What if we could go back into time and find out how earth was like millions of years ago? Turns out that a fossil of a 16-million-year-old tree at the Smithsonian’s National Museum of Natural History let's us do just that. 

Paleobotanist Scott Wing describes the ancient slab of sequoia as the keystone to consideration of time. He said each yearly delineation on the sequoia’s surface is a small part of a far grander story that ties together all of life on Earth. This clock of ‘Deep Time’ flows back to the origins of the universe, the formation of Earth, the evolution of all life up through to this present moment.

Talking about the tree, Wing admits they are unclear about how it got to Smithsonian. He says tree’s backstory identifies to a massive tree that grew in what’s now central Oregon about 16 million years ago. Wing said the tree was once a ‘long-lived part of true forest primeval’. “Its rings offers different ways to think about time. Given that the sequoia grew seasonally, each ring marks the passage of another year, and visitors can look at the approximately 260 delineations and think about what such a time span represents.”

Trees A view through a canopy of trees in full fall color Oct. 24, 2015 along Skyline drive in Shenandoah National Park in Virginia. Photo: Getty Images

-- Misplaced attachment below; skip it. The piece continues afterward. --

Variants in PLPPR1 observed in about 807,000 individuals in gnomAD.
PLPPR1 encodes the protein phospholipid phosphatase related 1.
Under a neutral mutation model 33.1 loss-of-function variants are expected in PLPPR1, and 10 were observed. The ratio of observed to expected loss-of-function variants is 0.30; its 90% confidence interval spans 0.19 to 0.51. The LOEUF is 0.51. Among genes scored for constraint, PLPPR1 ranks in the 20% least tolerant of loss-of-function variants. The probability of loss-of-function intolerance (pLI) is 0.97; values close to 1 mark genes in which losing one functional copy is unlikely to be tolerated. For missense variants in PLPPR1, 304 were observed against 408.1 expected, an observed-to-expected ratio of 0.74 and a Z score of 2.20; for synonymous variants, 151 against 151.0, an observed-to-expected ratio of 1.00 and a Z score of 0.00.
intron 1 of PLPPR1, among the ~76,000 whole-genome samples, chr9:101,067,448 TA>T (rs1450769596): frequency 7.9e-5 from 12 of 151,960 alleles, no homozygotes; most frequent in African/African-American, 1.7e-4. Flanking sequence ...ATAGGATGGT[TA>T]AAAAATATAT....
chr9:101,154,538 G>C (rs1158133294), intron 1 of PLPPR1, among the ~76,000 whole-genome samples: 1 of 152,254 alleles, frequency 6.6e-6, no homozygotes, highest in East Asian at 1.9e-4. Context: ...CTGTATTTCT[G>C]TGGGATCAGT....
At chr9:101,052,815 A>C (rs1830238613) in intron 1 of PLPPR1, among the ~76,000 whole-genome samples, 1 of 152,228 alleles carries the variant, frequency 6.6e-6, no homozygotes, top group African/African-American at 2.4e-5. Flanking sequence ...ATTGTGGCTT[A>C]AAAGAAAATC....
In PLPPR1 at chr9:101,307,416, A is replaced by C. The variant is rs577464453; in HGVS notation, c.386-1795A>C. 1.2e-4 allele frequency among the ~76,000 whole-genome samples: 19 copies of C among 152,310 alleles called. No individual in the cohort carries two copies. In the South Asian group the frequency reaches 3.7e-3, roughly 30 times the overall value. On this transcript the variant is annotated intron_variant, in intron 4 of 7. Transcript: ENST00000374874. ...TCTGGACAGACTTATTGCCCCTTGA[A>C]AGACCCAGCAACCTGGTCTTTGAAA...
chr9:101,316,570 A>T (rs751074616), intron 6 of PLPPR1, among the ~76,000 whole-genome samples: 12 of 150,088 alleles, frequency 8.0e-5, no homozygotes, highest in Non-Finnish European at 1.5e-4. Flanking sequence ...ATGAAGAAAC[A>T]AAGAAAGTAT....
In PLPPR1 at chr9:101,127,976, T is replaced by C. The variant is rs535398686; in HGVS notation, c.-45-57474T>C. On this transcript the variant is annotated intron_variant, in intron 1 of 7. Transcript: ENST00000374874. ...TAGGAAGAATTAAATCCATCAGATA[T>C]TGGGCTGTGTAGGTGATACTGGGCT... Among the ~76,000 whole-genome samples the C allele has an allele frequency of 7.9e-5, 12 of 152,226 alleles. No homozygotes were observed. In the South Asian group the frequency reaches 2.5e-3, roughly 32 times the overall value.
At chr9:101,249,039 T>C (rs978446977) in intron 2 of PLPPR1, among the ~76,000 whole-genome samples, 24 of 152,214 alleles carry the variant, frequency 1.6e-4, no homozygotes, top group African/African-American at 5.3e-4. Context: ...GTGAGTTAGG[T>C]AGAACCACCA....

For hundreds of years, scientists have been trying to decode time through trees that complete some of Earth’s most rich and diverse ecosystems. Moreover, some trees have lived through centuries because they have tricks for surviving adverse weather and climates. Scientists have found that plants and trees actually block communication between the cells and sleep through harsh winters.

Wings revealed that despite the slab’s ancient age, some of the original organic material is still locked inside.

This tree was alive, photosynthesizing, pulling carbon dioxide out of the atmosphere, turning it into sugars and into lignin and cellulose to make cell walls.” Wings said after the tree perished, water carrying silica and other minerals coated the log to preserve the wood and protect some of those organic components inside. He said that the carbon atoms that came out of the atmosphere, 16 million years ago, are also locked in it.